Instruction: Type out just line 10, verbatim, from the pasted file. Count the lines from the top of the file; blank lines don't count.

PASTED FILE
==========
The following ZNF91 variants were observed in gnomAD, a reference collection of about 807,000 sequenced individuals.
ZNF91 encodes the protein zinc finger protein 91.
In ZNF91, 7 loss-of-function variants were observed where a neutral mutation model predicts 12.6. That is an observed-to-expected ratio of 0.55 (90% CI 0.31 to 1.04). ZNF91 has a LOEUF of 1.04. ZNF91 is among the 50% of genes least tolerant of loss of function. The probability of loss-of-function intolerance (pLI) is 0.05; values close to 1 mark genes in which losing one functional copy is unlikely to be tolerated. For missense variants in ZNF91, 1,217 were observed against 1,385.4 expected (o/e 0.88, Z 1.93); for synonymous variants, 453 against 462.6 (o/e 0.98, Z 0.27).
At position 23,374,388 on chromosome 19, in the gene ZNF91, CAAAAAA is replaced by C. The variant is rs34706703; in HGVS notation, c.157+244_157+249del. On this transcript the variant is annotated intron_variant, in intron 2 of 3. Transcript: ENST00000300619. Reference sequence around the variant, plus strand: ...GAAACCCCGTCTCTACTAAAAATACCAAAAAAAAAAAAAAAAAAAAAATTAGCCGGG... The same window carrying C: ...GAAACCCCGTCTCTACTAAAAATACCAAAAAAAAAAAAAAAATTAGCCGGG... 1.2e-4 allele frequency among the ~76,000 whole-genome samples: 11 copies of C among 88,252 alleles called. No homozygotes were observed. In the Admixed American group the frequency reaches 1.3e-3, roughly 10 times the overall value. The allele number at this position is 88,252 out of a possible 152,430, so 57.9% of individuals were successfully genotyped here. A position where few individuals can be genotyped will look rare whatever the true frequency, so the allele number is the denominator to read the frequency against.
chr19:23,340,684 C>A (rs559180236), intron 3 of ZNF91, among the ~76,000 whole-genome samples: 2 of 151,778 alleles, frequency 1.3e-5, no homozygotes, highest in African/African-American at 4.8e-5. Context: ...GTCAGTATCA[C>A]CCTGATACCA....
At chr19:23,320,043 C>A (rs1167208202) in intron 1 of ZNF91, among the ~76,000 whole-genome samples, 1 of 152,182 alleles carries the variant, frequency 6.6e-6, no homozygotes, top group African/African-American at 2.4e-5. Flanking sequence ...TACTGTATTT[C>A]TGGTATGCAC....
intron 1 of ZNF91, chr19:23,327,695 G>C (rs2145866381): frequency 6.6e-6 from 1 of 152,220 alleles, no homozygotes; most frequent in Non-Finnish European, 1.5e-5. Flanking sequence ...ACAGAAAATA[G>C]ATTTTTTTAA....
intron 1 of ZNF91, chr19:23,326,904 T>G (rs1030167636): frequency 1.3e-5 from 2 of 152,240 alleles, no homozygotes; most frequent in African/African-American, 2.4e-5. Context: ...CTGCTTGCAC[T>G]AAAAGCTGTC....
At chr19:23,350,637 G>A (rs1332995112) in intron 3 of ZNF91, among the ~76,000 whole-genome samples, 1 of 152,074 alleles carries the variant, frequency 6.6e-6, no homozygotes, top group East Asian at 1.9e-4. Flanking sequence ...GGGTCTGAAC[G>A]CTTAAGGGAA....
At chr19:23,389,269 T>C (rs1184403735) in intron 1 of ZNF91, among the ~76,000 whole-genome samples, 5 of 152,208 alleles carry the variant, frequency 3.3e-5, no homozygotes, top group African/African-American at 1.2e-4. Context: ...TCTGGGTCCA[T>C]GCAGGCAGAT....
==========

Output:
At chr19:23,389,269 T>C (rs1184403735) in intron 1 of ZNF91, among the ~76,000 whole-genome samples, 5 of 152,208 alleles carry the variant, frequency 3.3e-5, no homozygotes, top group African/African-American at 1.2e-4. Context: ...TCTGGGTCCA[T>C]GCAGGCAGAT....